Oxford Development Co. is working to expand its holdings in the Strip District with a key riverfront property.
The company is negotiating to buy what will soon be the former Easter Seals building, a property that includes a 76,000-square-foot structure on 2.28 acres of land that includes 250 feet of frontage on the Allegheny River.
The property at 2525 Railroad St., which has served for 10 years as the home of the Easter Seals of Western Pennsylvania, is just across 26th Street from where Oxford is currently building its 300-unit apartment project called The Yards and would add to the company’s $130 million mixed-use Three Crossings development under way along Smallman and Railroad streets.
Jeff Kumer, principal of Cedarhurst Enterprises LP, the owner of the property, could not be reached for comment.
Megan Stearman, a spokeswoman for Oxford, confirmed in an email that the company is incorporating the property into its Three Crossings development and expects to develop two new office buildings on the site of what is now a low-rise industrial building.
She said two buildings will be part of the total of 375,000 square feet of offices Oxford has previously announced it expects to build within Three Crossings, a mixed-use plan that has grown from 11 acres to about 16 acres.
Oxford’s plan to redevelop the Easter Seals property, at one time a storage facility for Pittsburgh National Bank, a precursor to what is now PNC Financial Services Group Inc., will eliminate the only industrial structure between the company’s Yards project and its riverfront neighbors on the other side, the Crane building, an office property, and the Cork Factory Lofts.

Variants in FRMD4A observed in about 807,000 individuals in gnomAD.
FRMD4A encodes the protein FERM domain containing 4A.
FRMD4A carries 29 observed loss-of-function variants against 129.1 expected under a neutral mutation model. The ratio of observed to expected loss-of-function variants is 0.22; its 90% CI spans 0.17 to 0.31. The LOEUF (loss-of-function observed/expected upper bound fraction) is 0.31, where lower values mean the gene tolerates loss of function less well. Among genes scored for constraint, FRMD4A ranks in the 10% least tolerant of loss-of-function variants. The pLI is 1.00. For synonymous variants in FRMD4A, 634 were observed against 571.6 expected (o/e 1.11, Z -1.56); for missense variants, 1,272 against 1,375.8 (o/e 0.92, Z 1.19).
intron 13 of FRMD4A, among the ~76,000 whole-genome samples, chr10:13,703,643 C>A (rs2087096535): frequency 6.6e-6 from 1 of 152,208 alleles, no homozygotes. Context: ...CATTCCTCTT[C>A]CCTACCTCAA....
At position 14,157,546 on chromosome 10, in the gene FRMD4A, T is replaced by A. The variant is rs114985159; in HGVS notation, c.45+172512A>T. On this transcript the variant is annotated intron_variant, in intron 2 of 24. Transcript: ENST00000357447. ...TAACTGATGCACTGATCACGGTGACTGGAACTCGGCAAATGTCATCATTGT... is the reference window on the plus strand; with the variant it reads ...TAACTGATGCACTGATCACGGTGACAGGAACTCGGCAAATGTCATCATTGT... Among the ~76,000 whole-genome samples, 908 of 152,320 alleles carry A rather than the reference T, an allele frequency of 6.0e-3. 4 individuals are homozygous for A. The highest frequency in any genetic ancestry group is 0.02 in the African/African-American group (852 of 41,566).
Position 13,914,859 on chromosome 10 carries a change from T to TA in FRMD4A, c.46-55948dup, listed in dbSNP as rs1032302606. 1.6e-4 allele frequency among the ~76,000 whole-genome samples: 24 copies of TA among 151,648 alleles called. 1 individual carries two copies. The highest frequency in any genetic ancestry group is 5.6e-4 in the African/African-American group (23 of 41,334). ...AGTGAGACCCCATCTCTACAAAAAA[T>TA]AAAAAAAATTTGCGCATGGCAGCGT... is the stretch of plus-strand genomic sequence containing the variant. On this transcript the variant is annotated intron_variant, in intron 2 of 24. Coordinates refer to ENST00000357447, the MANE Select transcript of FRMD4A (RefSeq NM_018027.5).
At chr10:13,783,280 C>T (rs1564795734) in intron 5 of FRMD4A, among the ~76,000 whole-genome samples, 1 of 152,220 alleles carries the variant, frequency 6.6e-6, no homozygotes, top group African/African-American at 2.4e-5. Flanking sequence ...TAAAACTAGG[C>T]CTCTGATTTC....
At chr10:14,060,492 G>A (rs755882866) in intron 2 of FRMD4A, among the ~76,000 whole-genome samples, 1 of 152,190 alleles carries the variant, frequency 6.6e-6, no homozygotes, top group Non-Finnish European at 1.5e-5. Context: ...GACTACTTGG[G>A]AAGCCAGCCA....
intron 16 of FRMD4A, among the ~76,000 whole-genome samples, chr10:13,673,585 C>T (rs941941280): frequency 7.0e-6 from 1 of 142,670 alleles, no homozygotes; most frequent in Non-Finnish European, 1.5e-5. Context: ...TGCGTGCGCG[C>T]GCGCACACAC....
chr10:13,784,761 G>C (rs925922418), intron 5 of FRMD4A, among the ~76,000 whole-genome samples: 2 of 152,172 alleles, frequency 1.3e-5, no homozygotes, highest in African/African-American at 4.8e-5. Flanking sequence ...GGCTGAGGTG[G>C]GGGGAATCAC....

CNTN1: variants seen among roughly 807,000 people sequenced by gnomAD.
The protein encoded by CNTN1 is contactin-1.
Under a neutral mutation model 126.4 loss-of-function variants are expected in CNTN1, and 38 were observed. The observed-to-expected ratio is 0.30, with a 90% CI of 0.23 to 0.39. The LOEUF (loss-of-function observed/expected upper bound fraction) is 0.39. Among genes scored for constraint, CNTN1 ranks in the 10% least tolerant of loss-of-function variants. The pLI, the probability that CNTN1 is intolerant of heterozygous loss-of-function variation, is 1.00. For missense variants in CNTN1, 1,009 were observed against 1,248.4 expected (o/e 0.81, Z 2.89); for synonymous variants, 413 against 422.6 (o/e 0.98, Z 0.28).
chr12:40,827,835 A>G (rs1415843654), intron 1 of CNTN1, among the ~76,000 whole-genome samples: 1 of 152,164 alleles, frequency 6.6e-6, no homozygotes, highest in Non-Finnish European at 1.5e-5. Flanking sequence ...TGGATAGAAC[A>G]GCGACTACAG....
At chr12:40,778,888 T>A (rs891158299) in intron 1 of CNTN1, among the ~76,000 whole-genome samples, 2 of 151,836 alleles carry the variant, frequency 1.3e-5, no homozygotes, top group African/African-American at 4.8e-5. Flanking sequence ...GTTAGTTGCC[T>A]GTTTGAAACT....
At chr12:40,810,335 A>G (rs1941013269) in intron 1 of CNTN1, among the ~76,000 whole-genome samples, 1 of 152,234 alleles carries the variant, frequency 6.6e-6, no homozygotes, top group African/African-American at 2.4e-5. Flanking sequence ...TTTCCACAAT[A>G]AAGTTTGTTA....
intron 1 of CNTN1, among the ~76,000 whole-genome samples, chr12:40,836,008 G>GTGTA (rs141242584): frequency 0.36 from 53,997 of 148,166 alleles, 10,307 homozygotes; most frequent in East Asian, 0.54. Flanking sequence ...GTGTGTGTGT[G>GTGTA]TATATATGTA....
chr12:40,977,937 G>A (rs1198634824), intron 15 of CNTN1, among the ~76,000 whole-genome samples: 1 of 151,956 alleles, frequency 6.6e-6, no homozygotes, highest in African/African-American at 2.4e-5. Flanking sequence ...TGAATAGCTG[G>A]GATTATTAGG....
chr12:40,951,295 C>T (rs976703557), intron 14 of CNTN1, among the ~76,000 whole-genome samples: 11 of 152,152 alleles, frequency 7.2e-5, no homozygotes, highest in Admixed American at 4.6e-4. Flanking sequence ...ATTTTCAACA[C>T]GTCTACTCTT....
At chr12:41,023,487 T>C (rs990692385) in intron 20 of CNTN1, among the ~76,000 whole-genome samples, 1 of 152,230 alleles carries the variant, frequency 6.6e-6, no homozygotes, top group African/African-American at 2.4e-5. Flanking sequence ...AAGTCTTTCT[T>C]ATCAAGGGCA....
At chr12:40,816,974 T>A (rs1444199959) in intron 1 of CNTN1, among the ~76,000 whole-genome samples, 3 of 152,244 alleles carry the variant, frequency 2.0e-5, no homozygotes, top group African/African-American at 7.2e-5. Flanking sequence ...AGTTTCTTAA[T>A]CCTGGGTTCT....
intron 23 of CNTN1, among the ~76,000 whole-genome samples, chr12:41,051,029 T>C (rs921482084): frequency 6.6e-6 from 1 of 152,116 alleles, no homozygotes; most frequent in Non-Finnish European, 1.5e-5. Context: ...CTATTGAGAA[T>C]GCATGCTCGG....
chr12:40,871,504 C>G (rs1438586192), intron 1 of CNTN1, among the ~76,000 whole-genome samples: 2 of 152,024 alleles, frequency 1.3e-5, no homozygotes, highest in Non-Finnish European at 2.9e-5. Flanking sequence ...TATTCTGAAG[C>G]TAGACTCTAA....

What is now known as Easter Seals of Western and Central Pennsylvania Inc. after a recent merger is expected to leave the building in the fourth quarter of this year for a new 6,000-square-foot office for its administrative personnel in a location let to be determined.
“We’re in the market,” said Pete Licastro, president of Point Bridge Realty Advisors LLC, and a board member of the nonprofit, who is representing Easter Seals in its search. “We’re evaluating a couple of relocation options for their corporate administrative office.”
He added the Easter Seals will be leaving behind the printing operation it operated at 2525 Railroad St., where it formerly printed calendars, as the organization also works to consolidate some education programs in other locations.
Cedarhurst has marketed the property, which county records indicate has a 2015 assessed value of $2.47 million, for sale in the past.
In 2007, he shopped it around at a list price of $6.9 million without following through on any sale.
Stearman declined to comment on a potential closing date on the property for Oxford and didn’t offer a date for construction on the new projects to replace the industrial building.
Rich Beynon, president of downtown Pittsburgh-based Beynon & Co., a real estate firm active in the Strip, saw obvious logic in Oxford buying the property since it expands the footprint for Three Crossings and allows room for expansion.
“It makes a lot of sense for them to acquire that piece,” he said.